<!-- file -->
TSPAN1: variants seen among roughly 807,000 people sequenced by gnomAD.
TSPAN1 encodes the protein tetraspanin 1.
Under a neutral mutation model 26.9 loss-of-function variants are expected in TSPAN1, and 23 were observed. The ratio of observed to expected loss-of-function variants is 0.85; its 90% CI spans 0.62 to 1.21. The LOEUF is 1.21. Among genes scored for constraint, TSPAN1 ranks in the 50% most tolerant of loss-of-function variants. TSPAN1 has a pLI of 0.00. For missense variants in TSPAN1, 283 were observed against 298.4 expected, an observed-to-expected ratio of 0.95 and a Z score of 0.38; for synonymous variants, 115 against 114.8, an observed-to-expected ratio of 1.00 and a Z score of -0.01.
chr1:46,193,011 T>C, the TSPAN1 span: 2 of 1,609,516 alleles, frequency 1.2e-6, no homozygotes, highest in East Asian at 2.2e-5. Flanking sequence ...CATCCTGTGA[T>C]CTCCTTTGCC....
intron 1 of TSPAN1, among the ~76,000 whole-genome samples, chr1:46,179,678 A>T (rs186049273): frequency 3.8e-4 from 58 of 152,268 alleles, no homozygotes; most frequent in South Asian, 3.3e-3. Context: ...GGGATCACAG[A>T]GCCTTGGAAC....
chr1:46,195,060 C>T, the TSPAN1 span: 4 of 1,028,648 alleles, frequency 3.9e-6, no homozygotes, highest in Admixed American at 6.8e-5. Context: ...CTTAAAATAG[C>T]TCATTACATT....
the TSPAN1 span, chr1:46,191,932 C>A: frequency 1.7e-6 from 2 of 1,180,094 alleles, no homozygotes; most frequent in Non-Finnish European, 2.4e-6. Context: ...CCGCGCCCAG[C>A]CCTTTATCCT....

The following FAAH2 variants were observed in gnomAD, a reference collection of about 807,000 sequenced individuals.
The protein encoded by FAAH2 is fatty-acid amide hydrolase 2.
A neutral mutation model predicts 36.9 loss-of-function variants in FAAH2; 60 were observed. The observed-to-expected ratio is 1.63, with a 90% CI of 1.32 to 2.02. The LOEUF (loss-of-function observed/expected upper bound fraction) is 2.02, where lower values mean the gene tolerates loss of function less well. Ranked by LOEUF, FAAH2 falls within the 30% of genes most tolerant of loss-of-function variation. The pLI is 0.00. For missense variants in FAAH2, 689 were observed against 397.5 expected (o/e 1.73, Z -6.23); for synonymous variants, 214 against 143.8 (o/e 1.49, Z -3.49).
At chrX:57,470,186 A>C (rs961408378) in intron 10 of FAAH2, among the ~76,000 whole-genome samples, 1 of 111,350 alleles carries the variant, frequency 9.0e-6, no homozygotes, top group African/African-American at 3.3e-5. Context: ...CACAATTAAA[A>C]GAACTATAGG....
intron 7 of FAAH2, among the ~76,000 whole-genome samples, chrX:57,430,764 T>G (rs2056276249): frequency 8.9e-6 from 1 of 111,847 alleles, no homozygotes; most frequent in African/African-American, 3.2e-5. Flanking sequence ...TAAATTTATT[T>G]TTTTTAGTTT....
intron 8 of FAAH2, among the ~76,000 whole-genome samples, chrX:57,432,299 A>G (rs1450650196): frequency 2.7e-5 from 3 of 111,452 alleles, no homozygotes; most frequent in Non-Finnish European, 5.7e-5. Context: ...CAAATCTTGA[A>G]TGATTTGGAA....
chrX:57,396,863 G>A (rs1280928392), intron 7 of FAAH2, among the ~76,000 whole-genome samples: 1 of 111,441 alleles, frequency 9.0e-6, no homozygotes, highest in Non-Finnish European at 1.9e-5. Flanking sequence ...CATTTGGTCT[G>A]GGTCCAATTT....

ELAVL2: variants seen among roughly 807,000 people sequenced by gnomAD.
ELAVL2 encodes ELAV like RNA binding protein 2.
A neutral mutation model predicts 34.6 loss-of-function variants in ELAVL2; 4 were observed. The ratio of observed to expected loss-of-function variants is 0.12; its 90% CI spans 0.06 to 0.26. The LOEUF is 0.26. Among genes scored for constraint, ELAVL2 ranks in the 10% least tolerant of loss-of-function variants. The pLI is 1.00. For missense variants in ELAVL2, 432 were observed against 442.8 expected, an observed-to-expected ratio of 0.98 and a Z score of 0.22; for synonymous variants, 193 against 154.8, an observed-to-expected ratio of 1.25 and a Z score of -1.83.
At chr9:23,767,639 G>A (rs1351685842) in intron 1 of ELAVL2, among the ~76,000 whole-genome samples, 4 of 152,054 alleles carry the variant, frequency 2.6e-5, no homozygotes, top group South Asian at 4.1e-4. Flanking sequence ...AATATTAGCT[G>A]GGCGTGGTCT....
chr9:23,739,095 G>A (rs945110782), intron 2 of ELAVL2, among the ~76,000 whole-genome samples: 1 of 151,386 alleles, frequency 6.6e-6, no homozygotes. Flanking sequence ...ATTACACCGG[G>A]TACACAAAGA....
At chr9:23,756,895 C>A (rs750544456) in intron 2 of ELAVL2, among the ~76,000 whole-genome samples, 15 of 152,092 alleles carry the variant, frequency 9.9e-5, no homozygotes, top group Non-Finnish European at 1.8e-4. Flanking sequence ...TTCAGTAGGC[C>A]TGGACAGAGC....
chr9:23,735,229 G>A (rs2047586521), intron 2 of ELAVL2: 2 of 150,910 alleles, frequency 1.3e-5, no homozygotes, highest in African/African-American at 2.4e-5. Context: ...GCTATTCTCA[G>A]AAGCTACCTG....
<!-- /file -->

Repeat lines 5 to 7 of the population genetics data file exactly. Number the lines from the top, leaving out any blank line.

intron 1 of TSPAN1, among the ~76,000 whole-genome samples, chr1:46,179,678 A>T (rs186049273): frequency 3.8e-4 from 58 of 152,268 alleles, no homozygotes; most frequent in South Asian, 3.3e-3. Context: ...GGGATCACAG[A>T]GCCTTGGAAC....
chr1:46,195,060 C>T, the TSPAN1 span: 4 of 1,028,648 alleles, frequency 3.9e-6, no homozygotes, highest in Admixed American at 6.8e-5. Context: ...CTTAAAATAG[C>T]TCATTACATT....
the TSPAN1 span, chr1:46,191,932 C>A: frequency 1.7e-6 from 2 of 1,180,094 alleles, no homozygotes; most frequent in Non-Finnish European, 2.4e-6. Context: ...CCGCGCCCAG[C>A]CCTTTATCCT....